Kyle Busch heads to Watkins Glen looking for a win, not points

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KYLE BUSCH
Just Win, Baby

HUNTERSVILLE, N.C. (Aug. 7, 2012) – The late Al Davis, former owner of the NFL’s Oakland Raiders, never missed a chance to tell his players to “Just Win Baby.”

Kyle Busch, Joe Gibbs Racing Toyota
Kyle Busch, Joe Gibbs Racing Toyota

Photo by: Action Sports Photography

While he’s widely known for his passion and commitment to winning any time he straps himself into a racecar, Kyle Busch, driver of the No. 18 M&M’s Toyota Camry for Joe Gibbs Racing (JGR), will have a heightened sense of urgency to win starting with Sunday’s NASCAR Sprint Cup Series Fingers Lakes 355k at The Glen on the Watkins Glen (N.Y.) International road course.

Just five races remain before the cutoff for the 12-driver, 10-race Chase for the Sprint Cup Championship, Busch finds himself outside the top-10 in the driver point standings and also currently without one of the two additional wild-card spots after a shattered brake rotor ruined his day Sunday at Pocono (Pa.) Raceway. Only the top-10 in points are locked into the Chase, which begins Sept. 16 at Chicagoland Speedway in Joliet, Ill. Chase positions 11 and 12 are wild cards and are awarded to those drivers between 11th and 20th in points who have the most wins. In the event multiple drivers end up with the same number of wins, a driver’s point standing serves as the tiebreaker.

Kasey Kahne, who’s 11th in the point standings, also holds the top wild-card spot thanks to his two victories this season, the most of any driver outside the top-10 in points. Jeff Gordon, who’s 13th in points, vaulted into the other wild-card spot with his first win of the season Sunday at Pocono. Ryan Newman, Busch and his JGR teammate Joey Logano, who stand 14th, 15th and 17th in the points, respectively, also have one win apiece this season and have five remaining races to try and surpass Gordon in wins and tie Kahne. Busch sits just 12 points behind Gordon in the driver standings but a hefty 80 points behind 10th-place Clint Bowyer. Thus, winning is his most realistic chance to make the Chase by way of a wild-card berth.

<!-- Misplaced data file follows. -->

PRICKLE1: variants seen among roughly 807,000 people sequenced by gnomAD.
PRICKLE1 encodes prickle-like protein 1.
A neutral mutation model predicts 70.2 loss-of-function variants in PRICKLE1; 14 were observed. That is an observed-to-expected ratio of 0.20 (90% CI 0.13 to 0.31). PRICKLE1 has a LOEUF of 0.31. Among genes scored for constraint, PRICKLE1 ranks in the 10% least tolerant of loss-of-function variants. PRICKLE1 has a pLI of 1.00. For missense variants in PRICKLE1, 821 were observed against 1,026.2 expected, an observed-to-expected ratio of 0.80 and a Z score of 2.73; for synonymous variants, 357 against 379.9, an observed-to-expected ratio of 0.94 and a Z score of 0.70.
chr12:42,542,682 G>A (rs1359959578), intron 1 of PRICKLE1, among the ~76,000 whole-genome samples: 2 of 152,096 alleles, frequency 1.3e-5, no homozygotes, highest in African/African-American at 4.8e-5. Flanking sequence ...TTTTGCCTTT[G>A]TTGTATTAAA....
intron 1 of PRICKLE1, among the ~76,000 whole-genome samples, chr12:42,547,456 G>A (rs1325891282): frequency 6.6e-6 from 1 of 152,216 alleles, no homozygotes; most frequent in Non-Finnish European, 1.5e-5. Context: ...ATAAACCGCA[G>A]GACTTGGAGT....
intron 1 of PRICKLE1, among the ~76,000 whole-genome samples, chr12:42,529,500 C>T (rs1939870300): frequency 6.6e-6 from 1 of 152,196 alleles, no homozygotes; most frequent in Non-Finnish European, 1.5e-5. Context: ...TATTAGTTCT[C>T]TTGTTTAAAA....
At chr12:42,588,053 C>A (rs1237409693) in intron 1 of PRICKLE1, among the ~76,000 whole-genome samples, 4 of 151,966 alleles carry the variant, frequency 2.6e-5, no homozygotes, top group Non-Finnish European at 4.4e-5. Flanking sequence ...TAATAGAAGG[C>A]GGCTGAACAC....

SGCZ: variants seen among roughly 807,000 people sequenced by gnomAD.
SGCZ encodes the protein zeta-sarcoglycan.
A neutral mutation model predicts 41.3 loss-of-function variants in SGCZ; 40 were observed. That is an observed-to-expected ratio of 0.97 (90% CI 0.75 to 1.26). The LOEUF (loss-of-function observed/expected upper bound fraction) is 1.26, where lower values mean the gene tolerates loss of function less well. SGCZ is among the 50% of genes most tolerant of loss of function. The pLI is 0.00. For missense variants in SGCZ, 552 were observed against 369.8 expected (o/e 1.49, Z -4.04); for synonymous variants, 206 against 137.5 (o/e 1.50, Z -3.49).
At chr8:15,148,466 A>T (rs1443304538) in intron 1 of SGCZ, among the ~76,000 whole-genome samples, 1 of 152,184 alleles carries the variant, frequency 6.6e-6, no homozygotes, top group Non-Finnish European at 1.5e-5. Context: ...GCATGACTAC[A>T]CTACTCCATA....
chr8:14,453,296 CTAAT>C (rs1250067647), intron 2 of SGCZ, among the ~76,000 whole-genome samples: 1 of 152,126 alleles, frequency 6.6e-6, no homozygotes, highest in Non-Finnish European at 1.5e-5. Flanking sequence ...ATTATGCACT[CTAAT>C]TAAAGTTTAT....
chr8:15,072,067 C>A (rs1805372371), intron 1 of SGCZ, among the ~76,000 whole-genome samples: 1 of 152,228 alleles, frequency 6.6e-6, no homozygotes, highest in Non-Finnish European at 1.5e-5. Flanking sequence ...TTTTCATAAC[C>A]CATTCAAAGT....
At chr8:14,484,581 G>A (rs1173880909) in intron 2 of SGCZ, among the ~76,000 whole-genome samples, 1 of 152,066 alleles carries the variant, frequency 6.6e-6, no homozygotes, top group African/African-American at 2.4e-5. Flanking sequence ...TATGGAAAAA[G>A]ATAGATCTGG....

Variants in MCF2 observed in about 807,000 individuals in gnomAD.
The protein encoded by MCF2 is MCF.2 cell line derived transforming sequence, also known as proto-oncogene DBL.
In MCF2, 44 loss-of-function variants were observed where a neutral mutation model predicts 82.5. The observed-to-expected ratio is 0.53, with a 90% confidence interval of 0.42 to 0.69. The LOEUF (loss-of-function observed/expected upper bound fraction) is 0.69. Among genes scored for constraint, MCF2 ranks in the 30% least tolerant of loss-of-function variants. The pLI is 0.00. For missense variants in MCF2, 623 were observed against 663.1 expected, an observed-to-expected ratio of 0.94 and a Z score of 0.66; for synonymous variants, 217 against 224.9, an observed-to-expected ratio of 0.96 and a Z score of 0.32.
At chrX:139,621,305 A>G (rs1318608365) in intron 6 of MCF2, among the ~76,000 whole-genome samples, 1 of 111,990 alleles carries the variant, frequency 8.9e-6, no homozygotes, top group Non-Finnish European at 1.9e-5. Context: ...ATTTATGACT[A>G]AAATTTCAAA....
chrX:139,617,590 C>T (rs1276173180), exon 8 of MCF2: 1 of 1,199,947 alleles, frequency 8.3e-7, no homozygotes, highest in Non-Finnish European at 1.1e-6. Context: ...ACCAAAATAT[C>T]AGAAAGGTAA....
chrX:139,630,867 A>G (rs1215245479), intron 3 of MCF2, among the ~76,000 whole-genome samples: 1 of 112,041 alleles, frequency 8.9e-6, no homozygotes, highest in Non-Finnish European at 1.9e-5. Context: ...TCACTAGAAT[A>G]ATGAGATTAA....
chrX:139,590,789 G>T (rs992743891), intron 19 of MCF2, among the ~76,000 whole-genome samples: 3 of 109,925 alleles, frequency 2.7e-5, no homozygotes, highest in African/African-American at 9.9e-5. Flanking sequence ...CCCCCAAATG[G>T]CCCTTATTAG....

The good news for Busch is that he’s won a Sprint Cup race at each of the remaining five venues on the “regular-season” calendar. In fact, the talented 27-year-old has rung up a whopping 12 total career wins at the next five races on the schedule. The Las Vegas native has five wins at Bristol (Tenn.) Motor Speedway, four at Richmond (Va.) International Raceway, and one win apiece at Watkins Glen, Michigan International Speedway in Brooklyn, and Atlanta Motor Speedway.

In addition to Busch’s 2008 win at Watkins Glen, he came agonizingly close to his second Sprint Cup win on the 2.45-mile, 11-turn road course one year ago. After leading three times for a race-high 49 laps, Busch found himself in a three-wide situation on a late restart with Brad Keselowski and eventual race-winner Marcos Ambrose. Busch was forced to fall back and had to settle for a second-place finish after an otherwise dominant day by the M&M’s team. While he has proven his worth on road courses, in general, Busch will understandably be looking for redemption Sunday after being so close to winning at The Glen one year ago.

So, with just five races remaining before the Chase is set, Busch will channel his inner Al Davis by shooting for wins that will vault him into championship contention. Thankfully, his track record over the left and right turns at Watkins Glen provide the perfect opportunity to “Just Win Baby” and help rally Busch into the NASCAR playoffs.

KYLE BUSCH, Driver of the No. 18 M&M’s Toyota Camry for Joe Gibbs Racing:

What is the most fun part of a lap at Watkins Glen?